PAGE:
• Globant, a software company with nearly 30,000 employees, is letting its workers stay fully remote.
  • The CEO told Bloomberg he's focused on making offices more enticing than enforcing RTO.
  • It makes Globant an outlier in the tech world, where some major companies have strict RTO policies.

While many tech companies have enforced workers' return to the office, software company Globant is allowing its nearly 30,000 employees to remain fully remote.

But the policy hasn't meant that its offices are empty, instead, employees have been drawn back to the office more flexibly, Globant CEO Martin Migoya told Bloomberg.

The company opted to entice workers back by expanding and updating office space — with more lounge areas and private rooms for remote calls.

"We found that people come, they get together, they use our offices in a different way, and we've been modifying our offices to attend to that new reality," Migoya told the outlet.

"The office must be an attraction point for the people to get together, rather than just the desk in which you do your job," he added.

The company has nearly 70 offices across the world, including seven in the US.

Other companies haven't been so favorable on remote work and have enforced RTO mandates for at least part of the working week. This includes Apple, Meta, and Google.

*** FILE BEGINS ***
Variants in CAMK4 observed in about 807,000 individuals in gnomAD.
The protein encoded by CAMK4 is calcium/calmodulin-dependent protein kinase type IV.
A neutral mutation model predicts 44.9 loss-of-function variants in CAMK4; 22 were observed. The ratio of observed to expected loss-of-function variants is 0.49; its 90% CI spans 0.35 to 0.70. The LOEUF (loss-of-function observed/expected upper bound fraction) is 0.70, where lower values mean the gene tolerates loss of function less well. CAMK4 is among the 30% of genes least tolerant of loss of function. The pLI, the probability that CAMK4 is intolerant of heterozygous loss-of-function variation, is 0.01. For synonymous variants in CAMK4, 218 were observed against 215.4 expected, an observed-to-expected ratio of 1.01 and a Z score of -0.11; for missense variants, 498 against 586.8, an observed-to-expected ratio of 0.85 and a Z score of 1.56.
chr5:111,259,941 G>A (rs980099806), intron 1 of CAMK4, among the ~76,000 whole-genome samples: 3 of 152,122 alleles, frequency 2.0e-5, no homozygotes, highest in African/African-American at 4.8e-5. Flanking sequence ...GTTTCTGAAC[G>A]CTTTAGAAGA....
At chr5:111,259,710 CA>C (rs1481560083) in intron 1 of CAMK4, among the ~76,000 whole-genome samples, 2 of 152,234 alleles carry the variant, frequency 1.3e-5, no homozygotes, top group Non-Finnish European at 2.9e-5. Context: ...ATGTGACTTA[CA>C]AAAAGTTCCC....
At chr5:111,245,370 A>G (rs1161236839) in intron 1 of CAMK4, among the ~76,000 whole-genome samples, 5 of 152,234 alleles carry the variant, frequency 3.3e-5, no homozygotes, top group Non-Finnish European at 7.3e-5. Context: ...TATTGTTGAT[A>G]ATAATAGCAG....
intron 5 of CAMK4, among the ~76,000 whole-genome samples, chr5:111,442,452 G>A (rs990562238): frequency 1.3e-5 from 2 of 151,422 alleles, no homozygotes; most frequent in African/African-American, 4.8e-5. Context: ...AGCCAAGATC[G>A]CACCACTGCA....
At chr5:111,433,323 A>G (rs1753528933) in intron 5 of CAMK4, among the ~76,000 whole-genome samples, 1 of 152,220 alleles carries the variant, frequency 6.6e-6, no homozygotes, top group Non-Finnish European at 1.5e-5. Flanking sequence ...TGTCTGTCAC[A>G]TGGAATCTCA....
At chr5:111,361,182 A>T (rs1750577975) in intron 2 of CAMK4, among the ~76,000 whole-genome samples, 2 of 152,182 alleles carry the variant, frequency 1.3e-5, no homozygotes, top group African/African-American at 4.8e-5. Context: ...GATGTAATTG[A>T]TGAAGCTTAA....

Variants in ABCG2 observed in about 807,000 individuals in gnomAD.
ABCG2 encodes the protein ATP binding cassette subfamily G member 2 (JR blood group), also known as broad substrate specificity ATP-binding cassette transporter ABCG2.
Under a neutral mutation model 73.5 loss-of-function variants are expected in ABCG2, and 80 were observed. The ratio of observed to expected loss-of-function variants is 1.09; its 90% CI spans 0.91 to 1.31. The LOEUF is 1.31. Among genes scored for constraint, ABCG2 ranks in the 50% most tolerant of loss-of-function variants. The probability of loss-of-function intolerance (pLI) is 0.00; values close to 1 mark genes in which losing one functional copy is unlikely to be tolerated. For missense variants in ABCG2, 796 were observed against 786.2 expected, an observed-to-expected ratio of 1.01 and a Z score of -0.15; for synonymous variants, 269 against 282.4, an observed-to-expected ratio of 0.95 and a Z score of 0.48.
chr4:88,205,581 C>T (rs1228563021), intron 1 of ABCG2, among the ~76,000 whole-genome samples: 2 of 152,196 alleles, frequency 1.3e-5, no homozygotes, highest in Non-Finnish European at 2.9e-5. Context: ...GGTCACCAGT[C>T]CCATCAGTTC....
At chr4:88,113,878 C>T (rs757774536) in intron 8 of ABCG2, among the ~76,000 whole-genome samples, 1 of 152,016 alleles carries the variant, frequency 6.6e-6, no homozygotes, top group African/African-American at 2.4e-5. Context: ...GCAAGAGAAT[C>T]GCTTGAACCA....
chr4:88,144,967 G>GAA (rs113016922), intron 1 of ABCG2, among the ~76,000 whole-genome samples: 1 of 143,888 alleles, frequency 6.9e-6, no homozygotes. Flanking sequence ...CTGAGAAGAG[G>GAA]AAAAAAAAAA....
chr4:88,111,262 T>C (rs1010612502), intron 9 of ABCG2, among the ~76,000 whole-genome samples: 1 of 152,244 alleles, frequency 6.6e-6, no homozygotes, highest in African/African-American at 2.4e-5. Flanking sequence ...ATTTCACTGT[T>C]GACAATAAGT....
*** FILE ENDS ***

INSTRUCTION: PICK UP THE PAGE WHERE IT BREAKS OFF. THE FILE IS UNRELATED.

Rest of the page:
Last year, Amazon doubled down on its strict RTO policy and brought in rules that allowed managers to fire employees who didn't meet the in-office requirements and created internal dashboards to track employee office attendance.

While Dell told employees that if they went fully remote, they would not be considered for promotion.

Those who enforce RTO mandates say that it boosts productivity and facilitates collaboration, improving the company's bottom line.

But others say it can have the opposite effect. A recent study on S&P 500 firms by researchers at the Katz Graduate School of Business found that companies with strict RTO mandates aren't more profitable, and workers aren't necessarily more productive either.

Instead, these policies can cause a "massive disruption" to employees' lives, Dan Schawbel, a future-of-work expert, previously told Business Insider.

"They made big decisions, especially millennials who had moved, they bought a house, they settled down, they had kids," he said.

These mandates are unattractive to workers who have "already invested so much time and emotion and energy into their decision to move or have flexibility," he added.

Read the original article on Business Insider